A critic takes a second look at Alejandro G. Iñárritu’s ‘Bardo’ — and is thankful he did. The film opens at Sundance in the week of January 20, 2016, and comes to theaters on February 24 under the title “Bardo.” It was co-written by Juan Antonio Bayona and the director with the screenplay by Robert Longo, after a long battle with the actor who plays the titular character, Javier Bardem.
The director has made a career out of challenging the audience with his films. He is at once so much a film-maker that he can be a critic, and so much a writer that he can be a fan. So it’s fitting that he chose to introduce us to Bardo, a hero who transcends genres. The first of his films to be given a serious critical re-evaluation, “Bardo” is a masterpiece of the modern Mexican art form.
The film is set in a Mexican village in the late 1980s, and follows a young man, Bardo (Gerardo Celázarsen), who returns from Paris to find his parents have been murdered (for a woman’s infidelity). Now a young man haunted by images of his dead parents, the only person to stop Bardo’s descent into madness, Nuria (Natalia Lafourcade), has fallen in love with him. With the help of a young woman (Paz Vega), Bardo flees the village, and Nuria becomes his guide to his search for what he could not find in his past.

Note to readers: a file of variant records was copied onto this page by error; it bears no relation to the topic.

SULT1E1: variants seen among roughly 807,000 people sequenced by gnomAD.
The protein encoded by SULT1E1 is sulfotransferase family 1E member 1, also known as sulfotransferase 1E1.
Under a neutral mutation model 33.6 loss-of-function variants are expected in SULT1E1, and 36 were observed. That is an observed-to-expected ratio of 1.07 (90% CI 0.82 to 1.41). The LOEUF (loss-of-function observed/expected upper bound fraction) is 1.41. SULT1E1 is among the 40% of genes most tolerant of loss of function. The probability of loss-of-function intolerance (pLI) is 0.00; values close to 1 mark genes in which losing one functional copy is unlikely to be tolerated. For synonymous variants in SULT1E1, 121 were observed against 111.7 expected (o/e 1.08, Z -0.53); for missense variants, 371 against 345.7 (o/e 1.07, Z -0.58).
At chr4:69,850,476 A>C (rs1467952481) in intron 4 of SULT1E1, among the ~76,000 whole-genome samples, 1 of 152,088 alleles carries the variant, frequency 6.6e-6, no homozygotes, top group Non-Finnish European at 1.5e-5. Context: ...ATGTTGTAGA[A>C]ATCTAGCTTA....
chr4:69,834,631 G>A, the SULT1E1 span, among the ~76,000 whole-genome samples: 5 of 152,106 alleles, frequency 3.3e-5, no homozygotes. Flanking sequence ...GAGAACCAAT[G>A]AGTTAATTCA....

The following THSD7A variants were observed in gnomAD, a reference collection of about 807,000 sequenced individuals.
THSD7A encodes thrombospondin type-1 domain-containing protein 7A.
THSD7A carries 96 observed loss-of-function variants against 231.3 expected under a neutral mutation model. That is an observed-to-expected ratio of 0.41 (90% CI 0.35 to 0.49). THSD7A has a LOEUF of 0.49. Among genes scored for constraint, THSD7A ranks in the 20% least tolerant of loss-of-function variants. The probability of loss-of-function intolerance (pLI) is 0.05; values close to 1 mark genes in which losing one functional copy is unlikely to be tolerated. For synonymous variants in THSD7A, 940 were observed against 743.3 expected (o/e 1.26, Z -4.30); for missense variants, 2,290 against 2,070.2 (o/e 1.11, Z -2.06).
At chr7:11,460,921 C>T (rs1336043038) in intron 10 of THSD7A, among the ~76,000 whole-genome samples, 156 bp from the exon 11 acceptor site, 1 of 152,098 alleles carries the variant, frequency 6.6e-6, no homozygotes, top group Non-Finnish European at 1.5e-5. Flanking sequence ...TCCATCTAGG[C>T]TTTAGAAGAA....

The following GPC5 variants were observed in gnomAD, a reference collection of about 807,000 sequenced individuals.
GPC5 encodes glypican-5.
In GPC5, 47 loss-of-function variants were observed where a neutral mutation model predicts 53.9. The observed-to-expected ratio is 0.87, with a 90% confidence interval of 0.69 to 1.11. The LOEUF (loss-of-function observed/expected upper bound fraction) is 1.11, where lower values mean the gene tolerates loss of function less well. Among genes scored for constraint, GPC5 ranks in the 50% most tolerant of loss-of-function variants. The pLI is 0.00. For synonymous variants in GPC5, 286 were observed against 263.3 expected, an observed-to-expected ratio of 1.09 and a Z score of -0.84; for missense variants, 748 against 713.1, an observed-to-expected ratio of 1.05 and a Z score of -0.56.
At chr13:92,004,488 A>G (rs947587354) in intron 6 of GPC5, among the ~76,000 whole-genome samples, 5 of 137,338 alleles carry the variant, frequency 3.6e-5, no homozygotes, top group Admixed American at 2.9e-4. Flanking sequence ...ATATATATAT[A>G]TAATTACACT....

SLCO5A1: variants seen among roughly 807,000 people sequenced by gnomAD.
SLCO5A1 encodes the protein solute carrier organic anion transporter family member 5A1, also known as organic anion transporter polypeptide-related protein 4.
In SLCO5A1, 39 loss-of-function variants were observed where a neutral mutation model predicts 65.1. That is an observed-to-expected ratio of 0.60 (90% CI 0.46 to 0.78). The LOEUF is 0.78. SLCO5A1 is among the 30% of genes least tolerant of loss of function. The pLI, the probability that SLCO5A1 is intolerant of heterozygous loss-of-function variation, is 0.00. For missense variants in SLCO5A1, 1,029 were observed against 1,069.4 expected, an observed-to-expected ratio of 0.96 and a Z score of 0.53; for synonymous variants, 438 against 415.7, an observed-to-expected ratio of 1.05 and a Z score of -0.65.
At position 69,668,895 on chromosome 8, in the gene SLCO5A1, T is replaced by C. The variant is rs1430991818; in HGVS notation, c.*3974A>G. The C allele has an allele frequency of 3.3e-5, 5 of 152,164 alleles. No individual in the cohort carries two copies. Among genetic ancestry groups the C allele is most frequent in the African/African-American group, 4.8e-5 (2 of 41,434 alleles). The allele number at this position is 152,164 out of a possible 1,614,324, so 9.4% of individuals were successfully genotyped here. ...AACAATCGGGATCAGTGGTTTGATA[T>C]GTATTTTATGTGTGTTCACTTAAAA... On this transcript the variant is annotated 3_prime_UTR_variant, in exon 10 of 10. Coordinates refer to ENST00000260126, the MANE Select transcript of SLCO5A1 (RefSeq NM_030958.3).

While the film has often seemed at odds with its era, it remains one of the most compelling horror films of our time because it takes its time and uses it as an opportunity to let its characters grow. It’s the story of a woman finding a man she is drawn to, but he is more than the man she has ever seen before.
That’s not to say Bardo’s journey is easy. It’s a journey of self-discovery, grief and love, and it unfolds in a way that would make any true romantic appreciate the power of a modern horror film. A film that asks a lot of the audience to let go of the past and not worry so